The changes all felt pretty natural, like I was just taking care of my body in new ways, and while I have been eating very well and working out only two or three times a week, I’ve lost twelve pounds, without even meaning to. It’s crazy.

And really, the only change that ever felt difficult at all was probably the earliest one: removing white all-purpose flour and white sugar from my baking.

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oh, spring

may lilacs

All week, you have been fascinating me with your comments on the giveaway post (where there’s still time to enter!), as you’ve shared who inspires you to cook and/or some teachable kitchen moments you’ve experienced. With the inspiration answers especially, I find myself mentally nodding my head with you, because it’s so true that I get pulled towards cooking via a myriad of sources—my family, other food bloggers, magazines, commercials, TV, something random someone says in the middle of the afternoon. And I think all these things are good to think about, especially so we can remember them on those days when we’re not so eager to cook.

But the inspiration for today’s recipes is something I hadn’t really thought about before, something that several of you said strikes you the same way: this beautiful time of year we call spring.

Oh, spring.

I have been marveling at spring this year: the buds on branches, the evening thunderstorms, the colorful flowers everywhere you turn. And, as it is with some of the best things in life, just when I think I can’t possibly appreciate it anymore than I already do, spring goes and surprises me again.

Untitled

Like last weekend. I had decided to make a quick stop at a local French market that people seem to love on Yelp. I went in with $20 in my purse and a hunger for nothing special, and I came out, in 15 minutes no less, with two boxes of green beans, a pound of asparagus, two bags of mixed greens and a bunch of tall and red fresh rhubarb, for a grand total of $8.50.

Spring! Oh, Spring!

rhubarb on table

This might be a good time to recall that CSA I participated in last summer, which while I loved (and if you have a bigger household, it is really worth looking into), I also struggled with its sheer quantity of vegetables (organic! beautiful! but just too much for one person). That’s why this year’s plan is to shop at more farmers’ markets, to buy locally and seasonally but just less.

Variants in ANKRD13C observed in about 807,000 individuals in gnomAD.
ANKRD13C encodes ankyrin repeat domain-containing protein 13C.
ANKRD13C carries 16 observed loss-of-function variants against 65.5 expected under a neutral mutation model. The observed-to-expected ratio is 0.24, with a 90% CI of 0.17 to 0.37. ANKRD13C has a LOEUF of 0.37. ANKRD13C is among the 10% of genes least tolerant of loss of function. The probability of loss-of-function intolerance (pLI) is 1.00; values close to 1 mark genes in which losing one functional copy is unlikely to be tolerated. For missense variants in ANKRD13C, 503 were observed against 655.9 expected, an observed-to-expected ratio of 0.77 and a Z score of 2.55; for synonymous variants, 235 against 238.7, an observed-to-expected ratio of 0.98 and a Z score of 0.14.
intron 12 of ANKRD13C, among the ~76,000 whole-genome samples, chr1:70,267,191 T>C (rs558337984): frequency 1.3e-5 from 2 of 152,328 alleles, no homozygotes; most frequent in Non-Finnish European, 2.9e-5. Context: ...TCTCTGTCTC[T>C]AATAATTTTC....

If Saturday was any indication, I’d say this plan is going to go very well.

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meant to be

making ketchup

Up until about the middle of January this year, it had never occurred to me that one could produce ketchup in any way other than, well, walking into the local Dominick’s and grabbing some.

Then Kelly of wonderful Eat Make Read posted her version of a recipe from Saveur. This, in addition to sending me promptly to the store to buy my own copy of the issue, which was dedicated to home cooks, got me curious.

Around that same time, my friend Kelley (different Kelley, she with an e and of banana bread fame) and I had started reading a book together. (All right, full disclosure, we actually ended up reading different books but by the same author, Jefferey Steingarten.) She was making fast headway in hers, but it took me a few months to reach even the middle of mine, where he would discuss, it turns out, the subject of ketchup, in great detail.

And that was not the end.

See, when I’d read Steingarten’s ketchup chapter last week, it was just a few days after I had also seen, over at Endless Simmer, a post by my blogging friend Nick of Macheesmo. He wrote, if you can believe it, an entire post in defense of—what else?—ketchup.

Now, I don’t know what your feelings are on this thing we call fate (or as some like me might say, providence or even sovereignty). Probably these are questions best considered when one watches last week’s episode of LOST, I know, but, honestly: How can you look at those top three references—all of which took place within the same two-and-a-half-month span and after a lifetime of no such thing—and not see what I see: I was meant to make ketchup.